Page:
Date of Degree
MA (Master of Arts)
First Committee Member
Second Committee Member
Influenza causes thousands of illnesses and deaths annually in the United States. In part, this is a product of rapid changes in influenza genetics, resulting in different variants than a previous season. Influenza virus traverses landscapes by infecting susceptible hosts, thus allowing seasonal influenza to move great distances due to the mobility of humans who occupy diverse natural, social, and built environments. Using H3N2 influenza viral sequences from Minnesota in the 2012-2013 influenza season we explored relationships between the diversity of influenza genetics and the environments in which humans live.
Landscape genetic methods were used to test for relationships between genetic diversity of influenza viruses with different concepts of distance separating the viruses in time and space. Additional analyses were used to identify relationships between influenza genetic evolution and socio-environmental characteristics of Minnesota zip code tabulation areas (ZCTAs) where those viruses were isolated. Influenza hospitalization data in Minnesota ZCTAs was also analyzed with spatial and statistical methods to compare differences and similarities between environmental features driving influenza genetic evolution and influenza morbidity.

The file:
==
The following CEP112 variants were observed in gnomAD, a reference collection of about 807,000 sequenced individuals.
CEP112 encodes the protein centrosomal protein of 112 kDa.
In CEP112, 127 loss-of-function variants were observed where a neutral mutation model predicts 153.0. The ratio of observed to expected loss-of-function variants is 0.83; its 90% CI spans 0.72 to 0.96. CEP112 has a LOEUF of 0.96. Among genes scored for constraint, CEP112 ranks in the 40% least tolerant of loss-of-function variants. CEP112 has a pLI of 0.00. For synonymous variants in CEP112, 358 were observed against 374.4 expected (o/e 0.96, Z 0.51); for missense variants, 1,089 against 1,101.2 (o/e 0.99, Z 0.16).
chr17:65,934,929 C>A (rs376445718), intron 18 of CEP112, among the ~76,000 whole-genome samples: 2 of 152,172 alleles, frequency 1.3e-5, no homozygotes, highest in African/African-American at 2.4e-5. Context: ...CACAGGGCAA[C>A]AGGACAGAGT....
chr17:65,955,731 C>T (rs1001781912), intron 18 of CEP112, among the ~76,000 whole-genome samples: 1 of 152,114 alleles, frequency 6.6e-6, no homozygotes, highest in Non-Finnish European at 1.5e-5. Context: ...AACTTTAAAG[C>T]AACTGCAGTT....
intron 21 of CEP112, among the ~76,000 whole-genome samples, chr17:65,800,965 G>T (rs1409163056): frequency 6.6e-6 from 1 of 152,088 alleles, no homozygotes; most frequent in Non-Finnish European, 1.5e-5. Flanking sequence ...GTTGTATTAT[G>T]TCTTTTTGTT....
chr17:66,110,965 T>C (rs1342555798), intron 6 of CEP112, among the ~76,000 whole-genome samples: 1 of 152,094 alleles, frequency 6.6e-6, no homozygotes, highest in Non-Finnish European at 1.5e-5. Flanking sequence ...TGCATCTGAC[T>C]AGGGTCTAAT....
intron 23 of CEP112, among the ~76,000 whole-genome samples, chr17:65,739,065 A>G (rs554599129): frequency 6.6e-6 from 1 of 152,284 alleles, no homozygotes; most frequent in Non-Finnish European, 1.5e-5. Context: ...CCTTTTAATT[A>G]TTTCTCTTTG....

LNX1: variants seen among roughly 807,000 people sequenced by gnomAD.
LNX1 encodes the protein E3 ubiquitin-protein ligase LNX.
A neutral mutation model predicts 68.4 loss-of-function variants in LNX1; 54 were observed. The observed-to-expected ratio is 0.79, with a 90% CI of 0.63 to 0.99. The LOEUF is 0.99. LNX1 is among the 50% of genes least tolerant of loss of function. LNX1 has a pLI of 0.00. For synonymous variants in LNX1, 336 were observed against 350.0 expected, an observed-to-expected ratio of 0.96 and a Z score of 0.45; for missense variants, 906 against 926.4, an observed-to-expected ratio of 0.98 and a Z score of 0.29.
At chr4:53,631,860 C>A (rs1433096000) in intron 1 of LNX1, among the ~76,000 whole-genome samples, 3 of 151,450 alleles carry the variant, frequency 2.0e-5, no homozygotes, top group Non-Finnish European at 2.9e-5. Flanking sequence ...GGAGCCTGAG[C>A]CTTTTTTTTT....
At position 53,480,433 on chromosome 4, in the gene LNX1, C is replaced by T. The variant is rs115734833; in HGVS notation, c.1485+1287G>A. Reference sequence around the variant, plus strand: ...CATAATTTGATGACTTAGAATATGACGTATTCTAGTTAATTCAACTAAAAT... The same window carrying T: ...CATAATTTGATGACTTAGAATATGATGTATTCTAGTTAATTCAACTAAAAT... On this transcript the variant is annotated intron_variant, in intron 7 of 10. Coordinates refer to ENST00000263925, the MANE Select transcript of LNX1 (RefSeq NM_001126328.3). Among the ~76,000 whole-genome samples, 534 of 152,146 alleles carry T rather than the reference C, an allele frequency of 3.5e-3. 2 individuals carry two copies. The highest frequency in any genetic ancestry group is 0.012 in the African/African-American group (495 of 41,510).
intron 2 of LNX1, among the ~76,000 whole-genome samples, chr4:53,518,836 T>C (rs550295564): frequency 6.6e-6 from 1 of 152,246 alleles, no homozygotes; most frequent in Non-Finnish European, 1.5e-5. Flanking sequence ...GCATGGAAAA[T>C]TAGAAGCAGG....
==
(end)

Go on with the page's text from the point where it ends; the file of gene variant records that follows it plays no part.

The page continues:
Findings indicated a complex genetic landscape with few significant correlations between genetic distance and other distance concepts. Elderly populations and populations without health insurance were found to be drivers of H3 hospitalizations. The synthesis of information from theses analyses can be used to inform our overall understanding of influenza diffusion and will allow for more targeted and effective public health prevention strategies.
disease ecology, environment, hospitalizations, influenza, landscape genetics
x, 63 pages
Includes bibliographical references (pages 58-63).
Copyright © 2018 Austin Rau
Rau, Austin. "Environmental processes of H3N2 influenza genetics and hospitalizations in Minnesota 2012-2013." MA (Master of Arts) thesis, University of Iowa, 2018.